Nevertheless, the main heresy of the Roman Church is not in subject matter, but in action; there is the fabricated dogma of supremacy, or rather, prideful striving for dominance of the bishops of Rome over the four other Eastern Patriarchs. For the sake of this dominance, supporters of the Roman Church placed their pope above the canons and foundations of the Ecumenical Councils, believing in his infallibility. But history truthfully testifies as to just what this papal infallibility is. About Pope John XXIII, it was stated in the decision of the Council of Constance, which deposed this pope: "It has been proved that Pope John is an inveterate and incorrigible sinner, and he was and is an unrighteous man, justly indicted for homicide, poisoning, and other serious crimes; a man who often and persistently before various dignitaries claimed and argued that the human soul dies and burns out together with the human body, like souls of animals and cattle, and that the dead will by no means resurrect in the last day." The lawless acts of Pope Alexander VI and his sons were so monstrous that, in the opinion of his contemporaries, this pope was trying to establish on Earth the kingdom of satan, and not the Kingdom of God. Pope Julius II reveled in the blood of Christians, constantly arming--for his own purposes--one Christian nation against another (Spiritual Conversation, No. 41, 1858).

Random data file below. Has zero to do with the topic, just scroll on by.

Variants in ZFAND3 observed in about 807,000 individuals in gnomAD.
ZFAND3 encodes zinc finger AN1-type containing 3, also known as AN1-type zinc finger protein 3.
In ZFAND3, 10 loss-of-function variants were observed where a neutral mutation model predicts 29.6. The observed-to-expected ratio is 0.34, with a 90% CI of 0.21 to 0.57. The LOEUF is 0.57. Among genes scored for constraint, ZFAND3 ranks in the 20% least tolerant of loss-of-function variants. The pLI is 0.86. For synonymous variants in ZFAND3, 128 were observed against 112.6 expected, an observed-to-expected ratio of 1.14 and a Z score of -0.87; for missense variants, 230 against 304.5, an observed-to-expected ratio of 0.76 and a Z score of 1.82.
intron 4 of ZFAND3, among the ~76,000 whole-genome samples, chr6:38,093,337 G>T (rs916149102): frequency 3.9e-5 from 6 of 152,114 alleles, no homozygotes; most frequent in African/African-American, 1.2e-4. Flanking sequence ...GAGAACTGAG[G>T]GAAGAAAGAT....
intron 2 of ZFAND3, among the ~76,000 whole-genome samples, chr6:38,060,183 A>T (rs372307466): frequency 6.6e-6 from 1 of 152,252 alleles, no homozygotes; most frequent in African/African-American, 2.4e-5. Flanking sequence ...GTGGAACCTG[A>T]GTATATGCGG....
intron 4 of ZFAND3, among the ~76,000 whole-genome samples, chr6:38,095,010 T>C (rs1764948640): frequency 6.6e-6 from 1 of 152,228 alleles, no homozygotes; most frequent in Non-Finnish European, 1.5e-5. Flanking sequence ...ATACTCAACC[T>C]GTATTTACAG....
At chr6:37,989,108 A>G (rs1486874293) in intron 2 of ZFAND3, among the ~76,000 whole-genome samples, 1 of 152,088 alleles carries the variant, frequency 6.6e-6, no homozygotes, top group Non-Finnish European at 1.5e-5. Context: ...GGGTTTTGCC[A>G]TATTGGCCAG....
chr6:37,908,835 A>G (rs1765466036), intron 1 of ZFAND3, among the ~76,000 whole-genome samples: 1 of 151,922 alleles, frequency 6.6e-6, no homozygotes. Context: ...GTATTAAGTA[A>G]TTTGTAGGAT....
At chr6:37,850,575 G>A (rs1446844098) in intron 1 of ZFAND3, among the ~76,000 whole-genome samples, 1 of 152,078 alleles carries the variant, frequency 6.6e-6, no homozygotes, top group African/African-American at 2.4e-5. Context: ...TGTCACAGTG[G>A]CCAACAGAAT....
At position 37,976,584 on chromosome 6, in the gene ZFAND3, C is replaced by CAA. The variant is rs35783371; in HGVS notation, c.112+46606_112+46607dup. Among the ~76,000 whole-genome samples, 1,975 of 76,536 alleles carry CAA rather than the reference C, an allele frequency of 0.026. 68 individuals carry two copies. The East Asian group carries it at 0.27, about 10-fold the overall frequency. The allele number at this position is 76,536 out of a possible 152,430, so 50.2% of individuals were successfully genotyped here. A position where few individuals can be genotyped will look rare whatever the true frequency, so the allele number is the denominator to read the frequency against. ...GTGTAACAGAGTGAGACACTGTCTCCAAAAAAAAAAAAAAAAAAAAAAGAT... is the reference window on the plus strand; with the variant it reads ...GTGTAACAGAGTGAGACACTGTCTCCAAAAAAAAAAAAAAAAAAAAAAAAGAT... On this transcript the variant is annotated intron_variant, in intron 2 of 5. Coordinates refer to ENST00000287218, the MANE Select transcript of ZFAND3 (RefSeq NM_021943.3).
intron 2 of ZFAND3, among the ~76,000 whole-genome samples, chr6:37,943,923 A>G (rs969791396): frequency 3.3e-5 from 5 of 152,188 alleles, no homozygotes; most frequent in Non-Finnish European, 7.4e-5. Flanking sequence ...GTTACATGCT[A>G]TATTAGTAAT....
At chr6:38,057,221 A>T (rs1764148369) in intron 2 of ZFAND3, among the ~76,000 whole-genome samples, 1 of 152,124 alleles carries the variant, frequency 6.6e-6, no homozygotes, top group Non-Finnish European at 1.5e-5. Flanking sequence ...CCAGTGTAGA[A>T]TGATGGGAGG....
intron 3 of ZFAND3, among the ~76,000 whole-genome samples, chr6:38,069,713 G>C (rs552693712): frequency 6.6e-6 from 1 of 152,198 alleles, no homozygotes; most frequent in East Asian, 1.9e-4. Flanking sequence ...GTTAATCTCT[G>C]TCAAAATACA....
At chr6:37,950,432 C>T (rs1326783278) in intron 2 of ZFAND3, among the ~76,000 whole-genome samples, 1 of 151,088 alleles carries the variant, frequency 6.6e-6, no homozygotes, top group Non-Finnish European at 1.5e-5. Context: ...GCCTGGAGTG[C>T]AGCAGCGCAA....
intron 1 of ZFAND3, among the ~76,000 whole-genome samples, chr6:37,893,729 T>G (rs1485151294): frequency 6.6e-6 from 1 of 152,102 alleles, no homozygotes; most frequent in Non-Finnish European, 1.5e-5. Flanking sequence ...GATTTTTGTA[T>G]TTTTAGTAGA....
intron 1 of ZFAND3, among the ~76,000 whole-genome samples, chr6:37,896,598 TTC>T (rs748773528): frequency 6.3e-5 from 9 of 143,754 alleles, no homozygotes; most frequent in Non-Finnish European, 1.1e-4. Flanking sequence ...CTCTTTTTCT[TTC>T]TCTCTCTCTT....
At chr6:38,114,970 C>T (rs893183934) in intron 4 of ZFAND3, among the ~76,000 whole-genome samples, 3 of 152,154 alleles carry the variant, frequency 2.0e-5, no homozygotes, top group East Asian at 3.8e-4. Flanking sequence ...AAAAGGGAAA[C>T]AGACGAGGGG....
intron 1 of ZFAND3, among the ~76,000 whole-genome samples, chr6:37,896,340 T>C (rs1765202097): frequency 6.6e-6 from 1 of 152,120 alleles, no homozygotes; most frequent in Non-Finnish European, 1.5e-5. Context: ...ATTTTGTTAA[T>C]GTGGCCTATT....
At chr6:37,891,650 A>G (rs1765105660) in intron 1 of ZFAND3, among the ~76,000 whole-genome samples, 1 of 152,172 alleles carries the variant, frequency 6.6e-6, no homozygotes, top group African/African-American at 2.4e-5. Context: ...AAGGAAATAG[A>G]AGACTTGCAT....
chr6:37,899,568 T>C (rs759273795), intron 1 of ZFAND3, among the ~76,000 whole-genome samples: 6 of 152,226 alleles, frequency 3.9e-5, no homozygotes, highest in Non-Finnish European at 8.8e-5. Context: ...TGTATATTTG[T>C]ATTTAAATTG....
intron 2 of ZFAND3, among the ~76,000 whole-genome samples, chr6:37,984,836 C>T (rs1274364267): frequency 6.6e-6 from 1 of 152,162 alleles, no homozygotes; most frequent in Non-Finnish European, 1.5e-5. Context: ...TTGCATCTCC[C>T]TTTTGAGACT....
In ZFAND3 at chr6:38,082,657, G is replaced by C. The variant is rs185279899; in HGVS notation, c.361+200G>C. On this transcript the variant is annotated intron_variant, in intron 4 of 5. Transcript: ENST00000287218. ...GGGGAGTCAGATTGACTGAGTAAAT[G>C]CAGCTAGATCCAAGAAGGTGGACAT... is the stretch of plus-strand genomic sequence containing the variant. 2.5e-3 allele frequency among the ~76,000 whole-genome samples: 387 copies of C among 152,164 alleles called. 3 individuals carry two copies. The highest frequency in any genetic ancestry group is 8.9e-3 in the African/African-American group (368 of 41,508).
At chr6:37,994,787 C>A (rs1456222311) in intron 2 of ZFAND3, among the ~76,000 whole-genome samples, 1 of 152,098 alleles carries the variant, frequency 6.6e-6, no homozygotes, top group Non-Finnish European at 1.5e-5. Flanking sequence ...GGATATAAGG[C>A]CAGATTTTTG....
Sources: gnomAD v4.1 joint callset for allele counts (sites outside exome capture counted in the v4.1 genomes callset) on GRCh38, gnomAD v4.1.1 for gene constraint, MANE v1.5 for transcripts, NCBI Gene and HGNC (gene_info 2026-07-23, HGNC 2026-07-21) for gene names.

There are many other examples, testifying to the great falls and fallibility of popes, but there is no time to talk about them now. With such historical evidence of its impairment through heresy and of the falls of its popes, is it warranted for the papists to glory in the false dignity of the Roman Church? Is it just that they should abase the Orthodox Eastern Church, whose infallibility is based not on any one representative, but on the Gospel and Apostolic teachings and on the canons and decisions of the seven Ecumenical and nine Local Councils? At these Councils were God-inspired and holy men, gathered from the entire Christian world, and they established everything relating to the requirements and spiritual needs of the Church, according to the Holy Scriptures. So, do the papists behave soundly, who, for the sake of worldly goals, place the person of their pope above the canons of the Ecumenical Councils, considering their pope as more than infallible?